Q: Am I permitted to eat his hotel meal?
A: Rema rules (E.H. 28:17) that if a guest takes his host’s food and gives it to a woman for kiddushin, the kiddushin is valid. The reason is that it is assumed that the host permits the guest to use the food according to his discretion. Taz (ibid. 34) questions this based on Shulchan Aruch’s ruling (O.C. 170:19) that a guest may not take the host’s food and share it with the host’s children without authorization. If a guest may not give food to the host’s children, it is certainly prohibited to give it for kiddushin. Therefore he rules that the kiddushin is questionable. Clearly the Taz maintains that the guest who uses his host’s food for kiddushin (i.e., at his discretion) is behaving improperly.
Maharit (1:150, cited by Rabi Akiva Eiger in O.C. 170) cites support for Taz from the Gemara (B.M. 92a) that inquires whether an employee’s right to eat the produce he is working with while he is working is part of his salary package [in addition to his wages] or whether it is a right granted to him by Hashem.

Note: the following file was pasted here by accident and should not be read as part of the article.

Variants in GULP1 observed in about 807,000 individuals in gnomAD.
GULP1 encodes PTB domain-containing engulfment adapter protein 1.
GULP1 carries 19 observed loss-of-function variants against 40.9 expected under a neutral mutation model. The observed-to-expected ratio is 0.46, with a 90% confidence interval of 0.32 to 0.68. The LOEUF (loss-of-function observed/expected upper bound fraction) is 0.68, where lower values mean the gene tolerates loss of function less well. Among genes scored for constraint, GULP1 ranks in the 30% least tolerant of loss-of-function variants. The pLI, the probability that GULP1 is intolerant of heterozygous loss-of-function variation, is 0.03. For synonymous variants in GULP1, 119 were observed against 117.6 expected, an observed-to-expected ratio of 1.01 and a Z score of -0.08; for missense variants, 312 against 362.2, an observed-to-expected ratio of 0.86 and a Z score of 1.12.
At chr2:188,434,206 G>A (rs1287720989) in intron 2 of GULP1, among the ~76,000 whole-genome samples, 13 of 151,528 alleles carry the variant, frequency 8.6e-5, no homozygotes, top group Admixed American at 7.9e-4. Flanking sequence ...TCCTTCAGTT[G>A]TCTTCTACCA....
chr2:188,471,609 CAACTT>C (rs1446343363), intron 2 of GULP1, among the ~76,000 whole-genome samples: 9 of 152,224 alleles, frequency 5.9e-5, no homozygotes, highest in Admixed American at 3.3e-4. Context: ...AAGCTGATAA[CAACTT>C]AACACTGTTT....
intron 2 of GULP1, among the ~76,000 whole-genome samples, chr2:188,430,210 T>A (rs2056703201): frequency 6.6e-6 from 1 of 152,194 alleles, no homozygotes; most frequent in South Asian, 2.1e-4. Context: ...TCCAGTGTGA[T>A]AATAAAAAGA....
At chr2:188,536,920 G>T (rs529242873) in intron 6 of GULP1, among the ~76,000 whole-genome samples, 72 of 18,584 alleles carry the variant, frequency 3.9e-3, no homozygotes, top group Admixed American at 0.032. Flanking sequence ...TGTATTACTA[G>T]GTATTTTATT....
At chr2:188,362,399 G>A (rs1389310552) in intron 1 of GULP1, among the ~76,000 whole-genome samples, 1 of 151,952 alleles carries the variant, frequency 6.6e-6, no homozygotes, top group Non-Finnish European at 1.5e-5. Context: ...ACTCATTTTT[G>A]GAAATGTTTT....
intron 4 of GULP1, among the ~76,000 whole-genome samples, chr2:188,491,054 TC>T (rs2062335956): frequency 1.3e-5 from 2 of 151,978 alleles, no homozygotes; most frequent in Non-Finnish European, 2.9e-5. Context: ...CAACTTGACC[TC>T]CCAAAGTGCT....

The practical difference between these two approaches is whether the employee can allow his family to eat the produce he would have eaten. If the right is Divine, he may not share it with his family, since he was granted permission to eat while working but not to share it with others. Seemingly, guests should be in a similar category because the one who is Divinely granted permission to eat produce may not take that food home to share with his family. So even if the guest refrains from eating a full portion so that he can give it to others, it would constitute an act of theft.
Some authorities reference the Gemara (Chullin 94a) which indicates that the restriction against giving food to the host’s son was the result of a specific incident that occurred and it is not otherwise considered an act of theft (see commentators to O.C. 170:19; Divrei Malkiel 3:53; Maharsham 3:291).